This required a very precise determination of the location of these celestial bodies. During observations, mostly using the two-meter telescope at Tautenburg near Jena, Lutz Schmadel and his colleagues discovered nearly 250 asteroids.
He named these things in many different ways. Among other things, he honored the resistance against the Nazi regime with the asteroids Rote Kapelle, Kreisau, and Stauffenberg.
Objects Wolflojewski and Werth show that Lutz Schmadel valued journalism and ZDF in particular. The latter is after the scientific reporter Hildegard Wirth.
An asteroid discovered in 1992 was named after Formula 1 world champion Michael Schumacher – but not Schumacher, because that name was already reminiscent of an astronomer from Altona. The race driver laps the solar system like the asteroid Shumi.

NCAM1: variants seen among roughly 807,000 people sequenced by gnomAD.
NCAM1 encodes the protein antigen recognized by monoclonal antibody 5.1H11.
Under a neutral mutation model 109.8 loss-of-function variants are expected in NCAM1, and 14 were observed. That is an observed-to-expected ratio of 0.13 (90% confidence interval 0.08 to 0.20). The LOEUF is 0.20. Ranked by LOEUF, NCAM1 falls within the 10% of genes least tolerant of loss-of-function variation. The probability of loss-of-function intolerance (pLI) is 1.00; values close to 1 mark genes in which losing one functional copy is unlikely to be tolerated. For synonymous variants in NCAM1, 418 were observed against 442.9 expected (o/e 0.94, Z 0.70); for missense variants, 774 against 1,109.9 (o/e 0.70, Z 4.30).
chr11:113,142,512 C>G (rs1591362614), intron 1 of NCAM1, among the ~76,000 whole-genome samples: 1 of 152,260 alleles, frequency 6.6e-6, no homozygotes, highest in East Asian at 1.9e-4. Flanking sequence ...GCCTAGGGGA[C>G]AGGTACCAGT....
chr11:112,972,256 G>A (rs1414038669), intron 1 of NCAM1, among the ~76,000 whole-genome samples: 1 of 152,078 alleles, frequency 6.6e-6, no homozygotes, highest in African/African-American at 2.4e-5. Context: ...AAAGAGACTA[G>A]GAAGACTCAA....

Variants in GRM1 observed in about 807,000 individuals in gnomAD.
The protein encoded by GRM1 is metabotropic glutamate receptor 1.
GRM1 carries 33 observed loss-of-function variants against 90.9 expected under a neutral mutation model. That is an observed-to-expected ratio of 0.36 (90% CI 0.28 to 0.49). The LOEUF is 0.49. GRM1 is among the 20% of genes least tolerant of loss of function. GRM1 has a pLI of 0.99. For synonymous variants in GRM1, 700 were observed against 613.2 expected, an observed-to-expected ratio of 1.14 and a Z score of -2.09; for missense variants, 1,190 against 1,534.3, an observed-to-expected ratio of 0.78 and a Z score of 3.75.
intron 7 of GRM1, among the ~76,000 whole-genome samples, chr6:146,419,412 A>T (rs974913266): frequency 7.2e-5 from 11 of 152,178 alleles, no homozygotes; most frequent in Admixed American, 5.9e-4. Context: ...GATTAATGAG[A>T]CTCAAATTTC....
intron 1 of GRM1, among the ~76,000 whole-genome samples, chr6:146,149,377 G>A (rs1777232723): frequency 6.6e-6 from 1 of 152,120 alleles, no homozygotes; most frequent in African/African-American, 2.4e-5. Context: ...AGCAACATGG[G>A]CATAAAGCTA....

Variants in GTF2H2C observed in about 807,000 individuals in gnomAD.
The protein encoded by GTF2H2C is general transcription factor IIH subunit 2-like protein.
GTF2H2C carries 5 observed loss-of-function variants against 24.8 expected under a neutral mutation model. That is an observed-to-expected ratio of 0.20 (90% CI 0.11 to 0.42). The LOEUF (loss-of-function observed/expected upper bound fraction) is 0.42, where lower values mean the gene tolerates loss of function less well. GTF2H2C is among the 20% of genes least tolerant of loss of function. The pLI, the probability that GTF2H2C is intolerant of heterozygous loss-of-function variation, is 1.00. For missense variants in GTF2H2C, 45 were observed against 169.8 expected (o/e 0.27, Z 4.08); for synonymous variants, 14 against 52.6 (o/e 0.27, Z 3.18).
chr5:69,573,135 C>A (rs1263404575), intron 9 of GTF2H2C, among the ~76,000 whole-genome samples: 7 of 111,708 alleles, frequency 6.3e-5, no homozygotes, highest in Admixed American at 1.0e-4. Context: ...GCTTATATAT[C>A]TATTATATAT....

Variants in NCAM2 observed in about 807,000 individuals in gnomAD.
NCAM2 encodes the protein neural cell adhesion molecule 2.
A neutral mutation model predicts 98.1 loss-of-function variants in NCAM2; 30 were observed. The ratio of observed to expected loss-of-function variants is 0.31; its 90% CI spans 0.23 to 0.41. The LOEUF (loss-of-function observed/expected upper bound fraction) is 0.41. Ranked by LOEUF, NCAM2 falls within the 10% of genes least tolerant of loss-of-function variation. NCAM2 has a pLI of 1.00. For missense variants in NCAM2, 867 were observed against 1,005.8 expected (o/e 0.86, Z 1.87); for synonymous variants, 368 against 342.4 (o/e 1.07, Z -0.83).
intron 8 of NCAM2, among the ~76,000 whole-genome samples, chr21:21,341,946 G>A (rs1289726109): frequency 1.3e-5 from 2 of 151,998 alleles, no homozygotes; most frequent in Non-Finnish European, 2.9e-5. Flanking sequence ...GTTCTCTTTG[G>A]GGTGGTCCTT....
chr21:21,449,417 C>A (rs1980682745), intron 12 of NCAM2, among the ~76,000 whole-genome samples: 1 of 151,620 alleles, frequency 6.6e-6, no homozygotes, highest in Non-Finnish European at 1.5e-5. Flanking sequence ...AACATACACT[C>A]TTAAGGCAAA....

Lutz Schmdel’s “Dictionary of Minor Planet Names” has a worldwide reputation. Over 19,000 are annotated in the three thick blue volumes. Lutz Schmadel passed away in 2016 at the age of 74. His legendary encyclopedia also lists himself: the asteroid number two two three four – discovered by Hans-Emil Schuster in Chile – was named Schmädel in his honor.
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